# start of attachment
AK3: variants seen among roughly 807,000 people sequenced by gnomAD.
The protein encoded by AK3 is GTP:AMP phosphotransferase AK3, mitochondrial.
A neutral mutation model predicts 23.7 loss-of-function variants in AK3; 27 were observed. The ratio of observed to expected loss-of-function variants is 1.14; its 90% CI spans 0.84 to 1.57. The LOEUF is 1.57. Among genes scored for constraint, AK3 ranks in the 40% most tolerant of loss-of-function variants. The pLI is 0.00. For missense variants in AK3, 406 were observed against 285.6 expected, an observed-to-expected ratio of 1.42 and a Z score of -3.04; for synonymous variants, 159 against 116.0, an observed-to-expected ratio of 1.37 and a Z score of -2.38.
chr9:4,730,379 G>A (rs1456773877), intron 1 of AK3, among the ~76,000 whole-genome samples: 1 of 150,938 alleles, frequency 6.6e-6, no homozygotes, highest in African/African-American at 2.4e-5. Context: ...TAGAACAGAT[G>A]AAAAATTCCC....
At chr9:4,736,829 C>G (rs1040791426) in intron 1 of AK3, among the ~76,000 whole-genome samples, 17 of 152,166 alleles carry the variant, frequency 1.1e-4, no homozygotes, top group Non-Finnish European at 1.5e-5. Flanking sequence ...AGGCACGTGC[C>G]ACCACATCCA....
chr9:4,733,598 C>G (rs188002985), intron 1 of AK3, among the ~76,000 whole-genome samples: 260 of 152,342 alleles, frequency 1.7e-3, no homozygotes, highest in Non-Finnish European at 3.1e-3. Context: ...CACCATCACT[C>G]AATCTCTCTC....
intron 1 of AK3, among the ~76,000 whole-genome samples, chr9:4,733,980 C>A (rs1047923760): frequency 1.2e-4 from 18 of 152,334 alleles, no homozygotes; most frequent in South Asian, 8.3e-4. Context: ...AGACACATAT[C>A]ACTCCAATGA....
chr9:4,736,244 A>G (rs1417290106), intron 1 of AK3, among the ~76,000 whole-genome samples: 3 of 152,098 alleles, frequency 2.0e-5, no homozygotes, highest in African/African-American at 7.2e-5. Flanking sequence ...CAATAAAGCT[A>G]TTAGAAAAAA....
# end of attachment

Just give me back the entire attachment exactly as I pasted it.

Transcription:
AK3: variants seen among roughly 807,000 people sequenced by gnomAD.
The protein encoded by AK3 is GTP:AMP phosphotransferase AK3, mitochondrial.
A neutral mutation model predicts 23.7 loss-of-function variants in AK3; 27 were observed. The ratio of observed to expected loss-of-function variants is 1.14; its 90% CI spans 0.84 to 1.57. The LOEUF is 1.57. Among genes scored for constraint, AK3 ranks in the 40% most tolerant of loss-of-function variants. The pLI is 0.00. For missense variants in AK3, 406 were observed against 285.6 expected, an observed-to-expected ratio of 1.42 and a Z score of -3.04; for synonymous variants, 159 against 116.0, an observed-to-expected ratio of 1.37 and a Z score of -2.38.
chr9:4,730,379 G>A (rs1456773877), intron 1 of AK3, among the ~76,000 whole-genome samples: 1 of 150,938 alleles, frequency 6.6e-6, no homozygotes, highest in African/African-American at 2.4e-5. Context: ...TAGAACAGAT[G>A]AAAAATTCCC....
At chr9:4,736,829 C>G (rs1040791426) in intron 1 of AK3, among the ~76,000 whole-genome samples, 17 of 152,166 alleles carry the variant, frequency 1.1e-4, no homozygotes, top group Non-Finnish European at 1.5e-5. Flanking sequence ...AGGCACGTGC[C>G]ACCACATCCA....
chr9:4,733,598 C>G (rs188002985), intron 1 of AK3, among the ~76,000 whole-genome samples: 260 of 152,342 alleles, frequency 1.7e-3, no homozygotes, highest in Non-Finnish European at 3.1e-3. Context: ...CACCATCACT[C>G]AATCTCTCTC....
intron 1 of AK3, among the ~76,000 whole-genome samples, chr9:4,733,980 C>A (rs1047923760): frequency 1.2e-4 from 18 of 152,334 alleles, no homozygotes; most frequent in South Asian, 8.3e-4. Context: ...AGACACATAT[C>A]ACTCCAATGA....
chr9:4,736,244 A>G (rs1417290106), intron 1 of AK3, among the ~76,000 whole-genome samples: 3 of 152,098 alleles, frequency 2.0e-5, no homozygotes, highest in African/African-American at 7.2e-5. Flanking sequence ...CAATAAAGCT[A>G]TTAGAAAAAA....